Put Plug on Hardwire Track Light?

hillybelleAugust 21, 2012

I need to convert a hardwired halogen track light to plug-in and I want to know if I can use 15 Amp, 125 Volt 2-Pole 2-Wire, Non-Polarized Angle Plug on the wire and just plug it in a standard electrical outlet.

There is a converter but the cost is about 1/2 the cost of the fixture. The plug is a little more than $1 and I need a shorter wire than the converter plug has so I would have to cut that too.

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Generally speaking, you can't convert a fixture designed to be hardwired into a cord-and-plug fixture and maintain UL certification. The challenge is properly attaching cordage to a device that wasn't designed to have any.

Even if you decide to rewire this fixture yourself (against code), please make sure that you use a properly connected polarized plug so that the light sockets have the proper electrical orientation.

    Bookmark   August 22, 2012 at 5:52PM
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Thank you for your response. I think I understand what you are saying, however, the electrical outlet is in the ceiling and the cord from the fixture won't be removed. I would just add the plug to the existing cord and plug it in. So, I need a polarized plug as apposed to a non polarized plug. Does this mean that one side of the plug is larger than the other?

    Bookmark   August 23, 2012 at 8:41AM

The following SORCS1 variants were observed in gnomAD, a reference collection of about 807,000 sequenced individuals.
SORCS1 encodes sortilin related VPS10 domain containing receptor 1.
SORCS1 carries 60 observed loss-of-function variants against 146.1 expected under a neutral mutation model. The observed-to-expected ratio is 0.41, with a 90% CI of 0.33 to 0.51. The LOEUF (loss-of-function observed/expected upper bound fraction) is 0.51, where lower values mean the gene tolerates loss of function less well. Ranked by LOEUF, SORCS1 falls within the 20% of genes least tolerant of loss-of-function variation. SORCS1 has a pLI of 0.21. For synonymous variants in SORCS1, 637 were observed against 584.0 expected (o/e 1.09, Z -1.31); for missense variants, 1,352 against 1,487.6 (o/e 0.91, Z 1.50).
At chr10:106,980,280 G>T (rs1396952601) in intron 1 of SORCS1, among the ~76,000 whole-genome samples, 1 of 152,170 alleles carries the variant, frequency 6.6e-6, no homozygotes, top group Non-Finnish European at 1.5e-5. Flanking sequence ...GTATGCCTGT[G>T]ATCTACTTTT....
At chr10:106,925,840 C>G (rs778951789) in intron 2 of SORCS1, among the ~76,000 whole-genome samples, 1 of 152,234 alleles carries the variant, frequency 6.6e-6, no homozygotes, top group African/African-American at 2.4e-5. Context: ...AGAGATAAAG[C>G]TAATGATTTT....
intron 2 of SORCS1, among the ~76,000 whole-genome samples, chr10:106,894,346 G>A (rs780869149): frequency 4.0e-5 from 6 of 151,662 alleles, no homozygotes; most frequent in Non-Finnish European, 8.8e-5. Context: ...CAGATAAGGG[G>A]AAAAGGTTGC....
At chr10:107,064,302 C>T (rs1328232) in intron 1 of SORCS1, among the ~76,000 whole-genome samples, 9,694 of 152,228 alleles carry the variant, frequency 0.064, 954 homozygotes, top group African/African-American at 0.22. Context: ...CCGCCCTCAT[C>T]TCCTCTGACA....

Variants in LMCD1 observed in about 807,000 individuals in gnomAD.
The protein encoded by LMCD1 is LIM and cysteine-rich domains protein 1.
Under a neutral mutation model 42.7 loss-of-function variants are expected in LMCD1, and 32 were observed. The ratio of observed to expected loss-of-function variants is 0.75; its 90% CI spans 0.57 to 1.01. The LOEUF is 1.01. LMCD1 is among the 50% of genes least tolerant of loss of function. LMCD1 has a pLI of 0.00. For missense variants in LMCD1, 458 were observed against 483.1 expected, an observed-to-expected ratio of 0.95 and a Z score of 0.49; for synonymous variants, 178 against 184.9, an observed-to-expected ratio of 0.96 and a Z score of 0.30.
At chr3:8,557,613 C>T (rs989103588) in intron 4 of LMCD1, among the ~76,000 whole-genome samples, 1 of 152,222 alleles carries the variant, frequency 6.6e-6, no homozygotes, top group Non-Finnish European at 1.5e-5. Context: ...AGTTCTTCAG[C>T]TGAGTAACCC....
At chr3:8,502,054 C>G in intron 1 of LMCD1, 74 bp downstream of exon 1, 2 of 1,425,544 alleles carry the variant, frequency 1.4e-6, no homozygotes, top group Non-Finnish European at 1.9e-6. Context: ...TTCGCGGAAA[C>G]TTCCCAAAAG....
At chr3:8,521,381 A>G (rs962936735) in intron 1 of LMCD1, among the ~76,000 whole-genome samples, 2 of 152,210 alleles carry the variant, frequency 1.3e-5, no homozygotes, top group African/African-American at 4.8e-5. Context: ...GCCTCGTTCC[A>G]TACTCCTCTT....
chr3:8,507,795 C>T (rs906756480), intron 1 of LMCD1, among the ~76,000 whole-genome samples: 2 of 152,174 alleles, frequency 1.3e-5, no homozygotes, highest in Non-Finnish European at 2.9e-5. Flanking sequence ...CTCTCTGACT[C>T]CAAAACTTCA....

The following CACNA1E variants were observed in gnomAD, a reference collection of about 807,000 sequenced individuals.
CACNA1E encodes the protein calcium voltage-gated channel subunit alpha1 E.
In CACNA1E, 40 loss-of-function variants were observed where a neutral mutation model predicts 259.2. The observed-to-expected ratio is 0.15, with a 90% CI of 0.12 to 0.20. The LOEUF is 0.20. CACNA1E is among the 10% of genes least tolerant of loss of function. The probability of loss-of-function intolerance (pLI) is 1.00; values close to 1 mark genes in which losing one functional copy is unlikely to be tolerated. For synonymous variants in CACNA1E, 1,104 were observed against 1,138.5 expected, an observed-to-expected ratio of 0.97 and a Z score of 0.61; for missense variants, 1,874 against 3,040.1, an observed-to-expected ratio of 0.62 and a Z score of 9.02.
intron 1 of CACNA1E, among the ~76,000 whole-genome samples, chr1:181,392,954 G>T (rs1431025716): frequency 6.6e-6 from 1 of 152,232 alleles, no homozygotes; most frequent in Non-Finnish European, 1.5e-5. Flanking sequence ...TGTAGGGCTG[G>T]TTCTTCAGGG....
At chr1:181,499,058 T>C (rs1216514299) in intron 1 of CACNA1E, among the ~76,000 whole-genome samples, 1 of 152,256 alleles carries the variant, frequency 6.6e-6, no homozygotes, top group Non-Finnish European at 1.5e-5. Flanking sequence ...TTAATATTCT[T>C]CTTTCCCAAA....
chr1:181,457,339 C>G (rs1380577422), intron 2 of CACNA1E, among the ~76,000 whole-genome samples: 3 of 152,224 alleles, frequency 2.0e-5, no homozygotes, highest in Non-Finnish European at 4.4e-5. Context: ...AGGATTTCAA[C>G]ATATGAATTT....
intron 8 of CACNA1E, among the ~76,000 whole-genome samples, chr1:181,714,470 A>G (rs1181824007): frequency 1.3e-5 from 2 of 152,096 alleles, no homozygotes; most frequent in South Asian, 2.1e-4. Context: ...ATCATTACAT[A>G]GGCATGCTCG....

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If your fixture was designed for hard wire installation, it doesn't have a cord. Instead, it some wires that are meant to remain inside the fixture. There's a different type of wire that is designated "cordage". Among other things, it's typically made up of stranded wire (as opposed to solid wire) for flexibility.

Yes, a polarized plug has one prong (for the neutral wire) that is larger than the other. It's important that it is connected to the fixture in the proper orientation to reduce shock hazards.

How are you going to turn this fixture on and off? Is the outlet in the middle of the ceiling switched?

    Bookmark   August 23, 2012 at 9:28AM
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"Even if you decide to rewire this fixture yourself (against code)"

The NEC does not actually address this.

Internal wiring is covered by NEMA and then the construction passes a listing lab (like UL).

If you use UL approved components in a workmanlike manor there is no prohibition on making things for your own use and using them (you could even se4ll tham if you are wiling to accept the liability that results).

Old fixtures and equipment are rebuilt all the time and used without issue.

Adding a plug is not nearly as touchy as cutting one off and hard-wiring.
In THAT case the standards get very touchy.
Cord and plug connected loads are pretty much outside the NECs purview (except the actual cor used to plug it in).

    Bookmark   August 23, 2012 at 10:05AM
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